In September, an intriguing line-up of modern American stories and commissioned premieres will begin for PlayMakers Repertory Company.
In an email announcement Wednesday, PlayMakers released its 2012-13 season.
Mainstage: “Red” by John Logan, Sept. 19
“The Imaginary Invalid” written by Moliére, adapted by David Ball, Oct. 24“It’s a Wonderful Life: A Live Radio Play” by Joe Landry, Nov. 28
“A Raisin in the Sun” by Lorraine Hansberry, Jan. 26“Clybourne Park” by Bruce Norris, Jan. 26 “Cabaret” by Joe Masteroff, John Kander and Fred Ebb, April 3
PRC2:“And God Created Great Whales” by Rinde Eckert, Jan. 9 “Untitled Rite of Spring Project” by Universes, April 24
The nine-show season will include two commissioned, or fully financed, original performances.
The first is a mainstage adaptation of Moliere’s “The Imaginary Invalid” in October.
“It’s 300 years old and it remains the best play ever written about health care,” said Joseph Haj, producing artistic director for PlayMakers.
The second commissioned work is an untitled project in conjunction with Carolina Performing Arts, which last July received $750,000 from the Andrew W. Mellon Foundation to fund productions inspired by Igor Stravinsky’s ballet “The Rite of Spring.”
As part of the “The Rite of Spring” project, which is celebrating the ballet’s 2013 centennial anniversary, PlayMakers will feature a performance by slam poetry group Universes.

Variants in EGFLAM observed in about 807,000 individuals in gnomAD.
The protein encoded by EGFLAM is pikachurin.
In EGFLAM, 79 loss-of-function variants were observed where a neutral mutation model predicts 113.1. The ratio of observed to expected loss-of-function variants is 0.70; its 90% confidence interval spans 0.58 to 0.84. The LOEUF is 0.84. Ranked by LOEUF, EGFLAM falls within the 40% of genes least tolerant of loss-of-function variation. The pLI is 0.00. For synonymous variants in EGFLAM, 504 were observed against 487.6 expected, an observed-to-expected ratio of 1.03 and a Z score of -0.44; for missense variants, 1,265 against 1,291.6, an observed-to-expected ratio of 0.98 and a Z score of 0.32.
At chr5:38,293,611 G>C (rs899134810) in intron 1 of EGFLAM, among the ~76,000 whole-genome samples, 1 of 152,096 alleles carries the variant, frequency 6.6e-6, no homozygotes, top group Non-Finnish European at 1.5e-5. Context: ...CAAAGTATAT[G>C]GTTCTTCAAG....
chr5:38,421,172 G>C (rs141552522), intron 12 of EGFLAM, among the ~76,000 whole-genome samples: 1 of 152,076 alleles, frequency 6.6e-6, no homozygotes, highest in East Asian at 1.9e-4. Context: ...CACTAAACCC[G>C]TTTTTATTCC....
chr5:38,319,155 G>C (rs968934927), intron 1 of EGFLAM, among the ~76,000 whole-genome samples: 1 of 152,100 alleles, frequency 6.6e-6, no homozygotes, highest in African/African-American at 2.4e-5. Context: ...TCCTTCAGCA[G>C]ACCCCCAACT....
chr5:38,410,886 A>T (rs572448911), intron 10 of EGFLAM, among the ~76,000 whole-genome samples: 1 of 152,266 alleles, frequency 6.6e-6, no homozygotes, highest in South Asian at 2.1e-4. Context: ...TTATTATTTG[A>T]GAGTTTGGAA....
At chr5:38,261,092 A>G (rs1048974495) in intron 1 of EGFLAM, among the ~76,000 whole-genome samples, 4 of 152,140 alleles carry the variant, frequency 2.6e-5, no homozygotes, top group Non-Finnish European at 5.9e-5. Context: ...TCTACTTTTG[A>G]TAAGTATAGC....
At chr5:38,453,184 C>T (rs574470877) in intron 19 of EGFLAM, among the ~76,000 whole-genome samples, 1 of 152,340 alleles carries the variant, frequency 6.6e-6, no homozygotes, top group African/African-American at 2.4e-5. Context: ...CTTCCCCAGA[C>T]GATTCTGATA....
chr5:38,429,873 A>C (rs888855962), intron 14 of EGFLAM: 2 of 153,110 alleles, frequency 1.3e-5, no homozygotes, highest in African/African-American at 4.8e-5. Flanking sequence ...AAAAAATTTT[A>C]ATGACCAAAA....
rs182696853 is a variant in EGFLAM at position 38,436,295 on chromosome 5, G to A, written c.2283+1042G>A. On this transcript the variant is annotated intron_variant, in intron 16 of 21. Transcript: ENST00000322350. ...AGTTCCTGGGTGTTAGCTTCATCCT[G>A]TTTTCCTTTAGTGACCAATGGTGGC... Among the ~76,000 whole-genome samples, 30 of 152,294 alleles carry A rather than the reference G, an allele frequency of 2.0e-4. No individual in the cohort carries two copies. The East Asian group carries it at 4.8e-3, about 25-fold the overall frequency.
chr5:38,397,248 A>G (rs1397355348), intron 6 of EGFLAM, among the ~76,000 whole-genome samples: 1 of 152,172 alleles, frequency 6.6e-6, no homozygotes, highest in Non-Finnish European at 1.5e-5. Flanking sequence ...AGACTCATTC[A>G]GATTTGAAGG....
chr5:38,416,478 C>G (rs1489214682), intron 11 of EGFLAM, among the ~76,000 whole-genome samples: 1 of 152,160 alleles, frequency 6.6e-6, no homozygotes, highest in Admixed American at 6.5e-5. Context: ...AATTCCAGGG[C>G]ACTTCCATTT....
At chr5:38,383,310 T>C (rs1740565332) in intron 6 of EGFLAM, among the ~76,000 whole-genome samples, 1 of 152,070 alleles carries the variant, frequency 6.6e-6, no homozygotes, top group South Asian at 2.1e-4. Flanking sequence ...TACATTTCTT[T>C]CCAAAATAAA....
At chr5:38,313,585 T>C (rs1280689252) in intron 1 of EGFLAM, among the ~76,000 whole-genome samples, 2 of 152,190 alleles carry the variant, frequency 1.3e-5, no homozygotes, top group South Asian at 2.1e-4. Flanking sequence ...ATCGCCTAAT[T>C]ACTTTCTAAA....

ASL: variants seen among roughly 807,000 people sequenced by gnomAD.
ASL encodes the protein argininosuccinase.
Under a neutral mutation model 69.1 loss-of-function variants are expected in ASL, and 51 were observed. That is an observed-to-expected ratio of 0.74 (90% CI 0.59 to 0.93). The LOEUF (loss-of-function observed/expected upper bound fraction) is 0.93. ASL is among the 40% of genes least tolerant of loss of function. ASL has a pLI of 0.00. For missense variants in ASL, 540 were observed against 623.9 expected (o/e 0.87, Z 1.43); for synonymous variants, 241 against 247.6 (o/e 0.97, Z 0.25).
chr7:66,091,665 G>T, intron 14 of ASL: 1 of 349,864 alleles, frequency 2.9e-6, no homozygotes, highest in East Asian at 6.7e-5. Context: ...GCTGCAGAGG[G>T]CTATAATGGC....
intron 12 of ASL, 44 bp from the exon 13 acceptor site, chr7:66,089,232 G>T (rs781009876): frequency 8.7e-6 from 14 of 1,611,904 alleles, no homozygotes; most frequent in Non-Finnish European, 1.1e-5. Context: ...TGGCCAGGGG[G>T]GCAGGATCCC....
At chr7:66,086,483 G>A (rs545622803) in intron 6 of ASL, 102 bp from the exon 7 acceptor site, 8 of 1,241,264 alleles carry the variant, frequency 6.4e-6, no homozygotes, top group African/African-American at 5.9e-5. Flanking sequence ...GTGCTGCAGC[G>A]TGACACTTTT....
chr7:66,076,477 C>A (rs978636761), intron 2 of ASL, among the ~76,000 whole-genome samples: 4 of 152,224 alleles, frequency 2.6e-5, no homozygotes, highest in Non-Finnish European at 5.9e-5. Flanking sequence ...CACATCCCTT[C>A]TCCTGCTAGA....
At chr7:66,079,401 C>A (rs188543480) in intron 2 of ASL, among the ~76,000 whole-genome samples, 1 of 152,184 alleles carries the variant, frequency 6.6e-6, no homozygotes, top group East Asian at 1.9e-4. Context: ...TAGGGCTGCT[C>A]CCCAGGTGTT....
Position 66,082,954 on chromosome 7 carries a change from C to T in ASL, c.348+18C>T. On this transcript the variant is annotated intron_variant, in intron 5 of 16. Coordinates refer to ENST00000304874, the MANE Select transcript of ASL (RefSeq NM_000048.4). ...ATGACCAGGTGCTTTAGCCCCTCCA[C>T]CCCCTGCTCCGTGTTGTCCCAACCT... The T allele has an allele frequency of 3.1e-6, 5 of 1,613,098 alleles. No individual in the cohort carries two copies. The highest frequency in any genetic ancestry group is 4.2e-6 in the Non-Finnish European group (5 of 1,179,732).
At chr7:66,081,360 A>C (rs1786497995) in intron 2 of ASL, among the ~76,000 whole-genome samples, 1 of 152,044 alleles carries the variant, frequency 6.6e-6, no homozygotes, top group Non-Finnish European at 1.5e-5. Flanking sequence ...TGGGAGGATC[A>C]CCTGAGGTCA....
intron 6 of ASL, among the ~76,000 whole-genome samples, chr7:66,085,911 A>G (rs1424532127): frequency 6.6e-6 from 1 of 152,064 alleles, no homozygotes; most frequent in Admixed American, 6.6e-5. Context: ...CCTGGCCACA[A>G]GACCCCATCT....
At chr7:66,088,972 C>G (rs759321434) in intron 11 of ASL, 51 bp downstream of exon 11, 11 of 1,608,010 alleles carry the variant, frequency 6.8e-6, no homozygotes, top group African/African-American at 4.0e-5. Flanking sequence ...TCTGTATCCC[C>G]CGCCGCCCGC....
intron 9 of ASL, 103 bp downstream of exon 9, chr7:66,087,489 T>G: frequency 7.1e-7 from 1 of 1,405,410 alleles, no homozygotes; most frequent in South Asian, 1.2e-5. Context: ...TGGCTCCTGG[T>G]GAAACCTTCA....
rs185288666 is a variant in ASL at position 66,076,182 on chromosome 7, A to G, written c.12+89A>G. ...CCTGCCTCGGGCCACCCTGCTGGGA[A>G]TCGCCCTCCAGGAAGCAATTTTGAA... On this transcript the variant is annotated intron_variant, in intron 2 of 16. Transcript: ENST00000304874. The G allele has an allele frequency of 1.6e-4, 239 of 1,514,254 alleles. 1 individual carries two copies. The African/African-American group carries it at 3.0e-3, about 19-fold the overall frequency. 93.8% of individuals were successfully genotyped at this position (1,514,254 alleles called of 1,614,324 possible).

It is one of 15 events coming to UNC funded by Carolina Performing Arts, said Ellen James, marketing manager for the executive office for the arts.
Hannah Grannemann, managing director for PlayMakers, said the chance to partner with Carolina Performing Arts for such a production is thrilling.
After three years presenting two-part epics in repertory, PlayMakers will stage two portraits of America — 1959’s “A Raisin in the Sun” and 2010’s “Clybourne Park,” which was written as a response to “Raisin”.
PlayMakers last produced two complementary plays in repertory during the 2008-09 season with “The Glass Menagerie” and “Well.”
Since then, the company has staged “Nicholas Nickleby,” “Angels in America” and this year’s “The Making of a King: Henry IV and Henry V” as twopart epics in rotating repertory.
Though other companies produce the plays within the same season or in successive years, Grannemann said PlayMakers is alone in putting them in repertory together.
“We’re the only company we know of doing them in rep,” she said. “That will really help reflect them off each other.”
The season also includes a radio play staging of “It’s A Wonderful Life” in December, and the musical “Cabaret” as the mainstage season closer.
With the schedule released, Granneman said she is looking forward to the reactions.
“We’ve been working on it for months, I’m excited to have it out in the public.”
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